Here’s something to think about: Who was there for you when you were a teen? Are you committed to being there for our teens now?
Please keep an eye out in the newspaper for upcoming youth-adult interaction opportunities.
Thank you for your support,
Stacie Creps and Abby Hutchison
p.s. (For information on how to get involved, call us at 587-1509 or 550-9506)
Thanks for operating outside the box
To the Editor,
Los Medicos Boladores (The Flying Doctors) is a self-funded volunteer organization that provides healthcare services in remote areas of Mexico. We fly private plane teams of doctors, dentists, optometrists, interpreters and volunteers every month from various Northern California and Nevada cities.
Last October I flew a team onto a remote island off the Baja Pacific coast. Dr. Frank Long was asked to assist in the diagnosis of a village fisherman who had a runaway problem with his thyroid. The only doctor on this tiny island was a recently graduated medical doctor who was partly paying back the cost of his medical education by serving this remote area for a year. This type of doctor is called a posante. This young lad (age 24) was particularly challenged by the fisherman’s condition due to a mix up in pills that were to have preceded an upcoming thyroid operation to be performed in Ensenada. Frank was able to help the diagnosis and a follow-on prescription but only after a blood work up could support his findings.
We first investigated flying the blood sample to Ensenada, however when we radioed our request we were informed about bad weather and impending darkness. The team would be returning to the United States the following day, so we decided to take the blood sample to Truckee for testing.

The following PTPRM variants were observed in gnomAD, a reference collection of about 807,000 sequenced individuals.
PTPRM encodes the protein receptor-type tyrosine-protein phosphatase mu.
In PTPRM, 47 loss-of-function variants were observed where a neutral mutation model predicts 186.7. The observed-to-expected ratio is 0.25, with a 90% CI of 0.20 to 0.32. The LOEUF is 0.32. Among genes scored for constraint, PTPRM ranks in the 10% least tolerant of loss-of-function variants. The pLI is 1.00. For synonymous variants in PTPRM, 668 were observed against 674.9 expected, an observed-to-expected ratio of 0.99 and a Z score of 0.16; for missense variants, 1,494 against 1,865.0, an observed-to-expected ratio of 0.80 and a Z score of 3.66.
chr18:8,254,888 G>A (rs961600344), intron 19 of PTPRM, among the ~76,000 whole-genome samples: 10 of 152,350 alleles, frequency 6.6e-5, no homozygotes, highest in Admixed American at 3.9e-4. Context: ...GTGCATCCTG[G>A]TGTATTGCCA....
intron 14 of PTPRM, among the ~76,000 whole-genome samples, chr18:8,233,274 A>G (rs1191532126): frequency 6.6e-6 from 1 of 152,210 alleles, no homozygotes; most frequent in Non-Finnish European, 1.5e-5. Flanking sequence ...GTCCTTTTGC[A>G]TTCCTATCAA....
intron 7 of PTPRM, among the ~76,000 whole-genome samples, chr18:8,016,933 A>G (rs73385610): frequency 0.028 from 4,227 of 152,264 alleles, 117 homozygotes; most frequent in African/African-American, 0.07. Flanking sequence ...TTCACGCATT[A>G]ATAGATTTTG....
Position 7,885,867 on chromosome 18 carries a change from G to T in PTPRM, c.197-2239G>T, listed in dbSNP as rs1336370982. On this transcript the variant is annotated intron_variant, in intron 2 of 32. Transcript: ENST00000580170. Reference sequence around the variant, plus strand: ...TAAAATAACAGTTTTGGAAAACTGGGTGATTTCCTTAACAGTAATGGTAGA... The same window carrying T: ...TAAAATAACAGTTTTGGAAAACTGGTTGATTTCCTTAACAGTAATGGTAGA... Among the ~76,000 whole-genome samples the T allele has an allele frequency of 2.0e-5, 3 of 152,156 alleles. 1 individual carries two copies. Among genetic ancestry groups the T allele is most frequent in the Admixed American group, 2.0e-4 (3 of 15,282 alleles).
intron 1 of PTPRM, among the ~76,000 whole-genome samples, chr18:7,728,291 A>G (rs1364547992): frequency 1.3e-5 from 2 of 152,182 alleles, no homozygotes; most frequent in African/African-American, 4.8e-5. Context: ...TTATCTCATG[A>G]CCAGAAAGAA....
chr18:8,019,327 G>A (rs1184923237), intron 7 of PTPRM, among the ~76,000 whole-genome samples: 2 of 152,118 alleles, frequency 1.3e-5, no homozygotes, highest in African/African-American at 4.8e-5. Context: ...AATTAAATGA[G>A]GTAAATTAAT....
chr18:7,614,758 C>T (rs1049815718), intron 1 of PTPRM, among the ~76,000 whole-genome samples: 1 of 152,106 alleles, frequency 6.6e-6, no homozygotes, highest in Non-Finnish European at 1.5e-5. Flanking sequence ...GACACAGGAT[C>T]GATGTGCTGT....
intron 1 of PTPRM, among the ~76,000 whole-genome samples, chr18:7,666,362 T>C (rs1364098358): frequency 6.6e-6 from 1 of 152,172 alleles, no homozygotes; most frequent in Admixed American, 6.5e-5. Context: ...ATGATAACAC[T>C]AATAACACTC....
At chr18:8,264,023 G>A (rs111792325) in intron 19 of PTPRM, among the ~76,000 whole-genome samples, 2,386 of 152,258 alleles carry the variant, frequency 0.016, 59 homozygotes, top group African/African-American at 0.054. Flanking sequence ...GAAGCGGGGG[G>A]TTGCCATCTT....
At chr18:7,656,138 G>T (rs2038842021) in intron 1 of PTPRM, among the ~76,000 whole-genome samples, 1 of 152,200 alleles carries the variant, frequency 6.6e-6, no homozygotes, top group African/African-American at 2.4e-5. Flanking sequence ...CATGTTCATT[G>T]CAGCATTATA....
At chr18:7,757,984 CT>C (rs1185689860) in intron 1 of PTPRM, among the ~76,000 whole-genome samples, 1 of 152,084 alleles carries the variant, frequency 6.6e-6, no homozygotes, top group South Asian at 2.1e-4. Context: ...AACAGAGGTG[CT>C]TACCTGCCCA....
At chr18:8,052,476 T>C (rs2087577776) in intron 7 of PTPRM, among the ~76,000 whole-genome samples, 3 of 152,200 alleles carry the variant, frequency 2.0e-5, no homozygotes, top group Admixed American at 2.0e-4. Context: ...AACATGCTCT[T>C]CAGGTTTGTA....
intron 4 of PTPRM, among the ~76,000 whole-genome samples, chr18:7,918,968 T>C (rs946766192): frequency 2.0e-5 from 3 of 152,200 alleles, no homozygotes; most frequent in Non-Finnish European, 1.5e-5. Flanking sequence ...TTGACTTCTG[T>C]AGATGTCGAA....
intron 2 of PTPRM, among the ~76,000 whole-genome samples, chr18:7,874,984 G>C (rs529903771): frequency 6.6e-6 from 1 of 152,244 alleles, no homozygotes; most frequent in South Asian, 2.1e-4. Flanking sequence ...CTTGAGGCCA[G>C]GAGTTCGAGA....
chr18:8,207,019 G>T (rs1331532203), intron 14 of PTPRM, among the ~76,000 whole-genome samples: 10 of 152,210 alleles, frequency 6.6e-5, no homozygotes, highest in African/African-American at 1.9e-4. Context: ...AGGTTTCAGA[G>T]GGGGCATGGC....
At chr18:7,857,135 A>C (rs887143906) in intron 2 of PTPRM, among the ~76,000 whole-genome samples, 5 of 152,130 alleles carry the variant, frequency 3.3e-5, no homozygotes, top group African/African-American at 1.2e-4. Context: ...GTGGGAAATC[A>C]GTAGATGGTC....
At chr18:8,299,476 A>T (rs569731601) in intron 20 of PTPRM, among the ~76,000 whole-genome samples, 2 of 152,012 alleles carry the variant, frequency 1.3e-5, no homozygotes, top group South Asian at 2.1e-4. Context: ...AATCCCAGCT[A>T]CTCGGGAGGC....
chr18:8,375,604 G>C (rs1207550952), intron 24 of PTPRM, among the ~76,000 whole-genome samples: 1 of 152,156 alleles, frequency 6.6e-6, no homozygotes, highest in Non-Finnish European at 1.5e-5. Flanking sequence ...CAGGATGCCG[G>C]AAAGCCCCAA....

The next morning my wife and I went to Tahoe Forest Hospital to explore the possibility of testing here in Truckee. “Hi, I have this blood I brought in from Mexico last night and I was wondering if you could test it?” Questions like social security number, patient medical history, patient’s physician, residence address, etc., etc., stopped us in our tracks. Then a lady appeared from behind a partition who explained that our request was contrary to policy but if we were able to get a local doctor to provide an order, we might have a chance. We contacted a local pilot/physician and his office provided the necessary order. The next obstacle was that now the sample was too old to provide a complete analysis.
The doctor stepped in and all we needed was a certain parameter so the test went forward. The results came in and they were faxed to the island. It took a couple of people to step outside of our stateside thinking and for that we thank you.
Last, but not least we had the matter of the bill for the lab work. The hospital staff was so helpful, my wife and I did not have the courage to ask that the bill be waived. In stepped the Rotary Club of Truckee, a.k.a. Noon Rotary. We have had the fortunate experience of guest speaking the LMV subject to their luncheon meetings which has resulted in three new members and now a check to cover the blood work bill. Thank you Truckee noon Rotary.
Bob and Mo Horvath
Los Medicos Voladores, High Sierra Chapter
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Olympic House was empty but for some maintenance workers and all those ghosts.